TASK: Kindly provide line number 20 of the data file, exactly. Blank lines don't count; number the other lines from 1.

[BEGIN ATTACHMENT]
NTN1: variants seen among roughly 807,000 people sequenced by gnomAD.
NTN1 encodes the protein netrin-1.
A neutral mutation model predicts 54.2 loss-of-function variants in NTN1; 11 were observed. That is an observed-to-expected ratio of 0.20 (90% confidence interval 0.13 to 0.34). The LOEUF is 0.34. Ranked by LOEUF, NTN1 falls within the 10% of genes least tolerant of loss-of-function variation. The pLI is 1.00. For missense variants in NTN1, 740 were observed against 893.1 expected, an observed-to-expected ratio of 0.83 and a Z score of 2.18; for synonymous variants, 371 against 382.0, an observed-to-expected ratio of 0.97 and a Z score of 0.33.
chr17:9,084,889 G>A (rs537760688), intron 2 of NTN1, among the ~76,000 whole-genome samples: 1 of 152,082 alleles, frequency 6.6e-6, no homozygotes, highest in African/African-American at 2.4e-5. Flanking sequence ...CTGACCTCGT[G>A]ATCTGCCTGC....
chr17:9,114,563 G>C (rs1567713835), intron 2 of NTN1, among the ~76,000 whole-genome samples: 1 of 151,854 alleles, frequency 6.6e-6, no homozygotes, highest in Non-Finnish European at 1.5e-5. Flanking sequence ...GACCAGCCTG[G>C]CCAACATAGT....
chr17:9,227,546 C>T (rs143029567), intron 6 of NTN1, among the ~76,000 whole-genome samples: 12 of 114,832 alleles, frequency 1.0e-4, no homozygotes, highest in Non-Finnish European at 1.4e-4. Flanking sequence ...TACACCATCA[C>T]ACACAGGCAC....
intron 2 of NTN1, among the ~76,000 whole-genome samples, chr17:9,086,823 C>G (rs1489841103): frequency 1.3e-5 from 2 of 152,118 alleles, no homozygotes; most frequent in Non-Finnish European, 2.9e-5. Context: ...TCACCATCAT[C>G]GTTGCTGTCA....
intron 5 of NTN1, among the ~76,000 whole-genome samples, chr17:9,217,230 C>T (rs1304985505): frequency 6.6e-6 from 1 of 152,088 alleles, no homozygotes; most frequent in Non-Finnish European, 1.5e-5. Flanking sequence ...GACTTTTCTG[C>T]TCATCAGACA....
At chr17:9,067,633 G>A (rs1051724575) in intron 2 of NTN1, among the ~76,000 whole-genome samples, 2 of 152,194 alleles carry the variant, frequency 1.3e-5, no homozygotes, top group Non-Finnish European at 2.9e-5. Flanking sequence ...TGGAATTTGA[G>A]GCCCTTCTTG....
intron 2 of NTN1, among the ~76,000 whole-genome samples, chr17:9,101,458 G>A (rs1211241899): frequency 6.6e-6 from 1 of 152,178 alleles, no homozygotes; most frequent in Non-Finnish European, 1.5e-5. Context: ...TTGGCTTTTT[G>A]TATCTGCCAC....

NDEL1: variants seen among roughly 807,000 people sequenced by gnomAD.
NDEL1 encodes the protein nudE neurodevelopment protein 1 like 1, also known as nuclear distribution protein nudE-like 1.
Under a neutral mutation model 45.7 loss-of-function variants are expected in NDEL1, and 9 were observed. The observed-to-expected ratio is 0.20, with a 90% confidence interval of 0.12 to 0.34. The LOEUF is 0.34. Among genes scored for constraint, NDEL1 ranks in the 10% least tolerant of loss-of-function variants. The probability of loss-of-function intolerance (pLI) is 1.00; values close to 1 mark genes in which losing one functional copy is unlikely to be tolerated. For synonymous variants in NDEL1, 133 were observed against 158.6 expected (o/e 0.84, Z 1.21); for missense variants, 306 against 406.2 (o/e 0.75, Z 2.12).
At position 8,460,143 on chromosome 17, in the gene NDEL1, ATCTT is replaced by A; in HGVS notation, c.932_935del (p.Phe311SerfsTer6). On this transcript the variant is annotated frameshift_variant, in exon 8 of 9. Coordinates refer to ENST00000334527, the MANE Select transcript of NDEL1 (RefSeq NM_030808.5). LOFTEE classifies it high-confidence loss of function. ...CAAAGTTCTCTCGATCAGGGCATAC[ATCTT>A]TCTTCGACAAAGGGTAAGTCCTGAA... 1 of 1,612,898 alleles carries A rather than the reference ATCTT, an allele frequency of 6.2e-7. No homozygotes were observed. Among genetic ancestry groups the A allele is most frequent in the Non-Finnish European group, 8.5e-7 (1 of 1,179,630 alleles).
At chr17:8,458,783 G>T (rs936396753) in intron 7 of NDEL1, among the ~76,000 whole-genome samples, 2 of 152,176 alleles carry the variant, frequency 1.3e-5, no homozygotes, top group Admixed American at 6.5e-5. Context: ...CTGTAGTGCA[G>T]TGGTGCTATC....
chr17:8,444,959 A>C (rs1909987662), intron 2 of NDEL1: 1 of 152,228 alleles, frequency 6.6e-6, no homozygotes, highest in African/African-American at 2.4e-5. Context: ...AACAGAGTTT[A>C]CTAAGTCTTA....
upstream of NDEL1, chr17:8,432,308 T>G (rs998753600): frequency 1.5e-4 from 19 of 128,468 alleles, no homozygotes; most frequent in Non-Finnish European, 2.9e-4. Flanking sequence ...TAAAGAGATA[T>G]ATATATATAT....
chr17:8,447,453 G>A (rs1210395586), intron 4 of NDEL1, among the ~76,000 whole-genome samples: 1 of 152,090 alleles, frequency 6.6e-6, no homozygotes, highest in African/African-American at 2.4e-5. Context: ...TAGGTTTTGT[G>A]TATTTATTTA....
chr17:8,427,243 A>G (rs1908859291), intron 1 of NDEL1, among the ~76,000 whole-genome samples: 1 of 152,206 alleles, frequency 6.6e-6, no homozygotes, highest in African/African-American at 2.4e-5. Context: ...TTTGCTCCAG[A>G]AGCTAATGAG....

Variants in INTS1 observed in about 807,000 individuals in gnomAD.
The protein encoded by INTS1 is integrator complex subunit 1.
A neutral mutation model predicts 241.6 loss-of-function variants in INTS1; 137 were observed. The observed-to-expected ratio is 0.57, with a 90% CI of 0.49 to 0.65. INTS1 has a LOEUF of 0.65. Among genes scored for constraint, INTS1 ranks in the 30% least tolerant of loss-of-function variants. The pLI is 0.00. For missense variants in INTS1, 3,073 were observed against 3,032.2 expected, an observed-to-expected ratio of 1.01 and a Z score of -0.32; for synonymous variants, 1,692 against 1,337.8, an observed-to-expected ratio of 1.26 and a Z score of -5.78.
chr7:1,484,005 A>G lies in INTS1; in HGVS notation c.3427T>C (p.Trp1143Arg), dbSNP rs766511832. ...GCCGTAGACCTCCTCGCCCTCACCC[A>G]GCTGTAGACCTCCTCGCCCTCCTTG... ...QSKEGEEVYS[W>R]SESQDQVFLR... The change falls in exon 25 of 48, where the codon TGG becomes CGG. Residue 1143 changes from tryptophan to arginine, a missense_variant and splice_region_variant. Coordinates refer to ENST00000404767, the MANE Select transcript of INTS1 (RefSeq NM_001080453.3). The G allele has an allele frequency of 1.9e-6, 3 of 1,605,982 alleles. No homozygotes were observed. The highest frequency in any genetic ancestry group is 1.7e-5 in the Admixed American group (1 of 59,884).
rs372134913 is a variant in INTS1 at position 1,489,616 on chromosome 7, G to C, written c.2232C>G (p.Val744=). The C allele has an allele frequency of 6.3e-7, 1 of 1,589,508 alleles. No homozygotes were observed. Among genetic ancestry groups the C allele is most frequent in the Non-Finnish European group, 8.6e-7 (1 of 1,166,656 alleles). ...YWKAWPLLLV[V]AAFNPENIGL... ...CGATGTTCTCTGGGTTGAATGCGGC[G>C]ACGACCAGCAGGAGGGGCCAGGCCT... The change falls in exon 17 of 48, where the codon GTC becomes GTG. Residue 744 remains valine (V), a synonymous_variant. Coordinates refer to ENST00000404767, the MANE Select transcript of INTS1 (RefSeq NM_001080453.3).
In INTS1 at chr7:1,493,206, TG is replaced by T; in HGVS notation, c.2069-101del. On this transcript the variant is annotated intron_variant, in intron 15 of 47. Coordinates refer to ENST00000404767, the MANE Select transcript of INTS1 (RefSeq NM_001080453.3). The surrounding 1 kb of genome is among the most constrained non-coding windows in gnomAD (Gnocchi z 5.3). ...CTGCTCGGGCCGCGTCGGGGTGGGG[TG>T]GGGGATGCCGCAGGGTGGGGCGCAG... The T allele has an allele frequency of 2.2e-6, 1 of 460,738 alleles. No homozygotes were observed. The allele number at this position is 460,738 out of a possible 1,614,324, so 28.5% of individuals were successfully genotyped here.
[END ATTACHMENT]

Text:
Variants in INTS1 observed in about 807,000 individuals in gnomAD.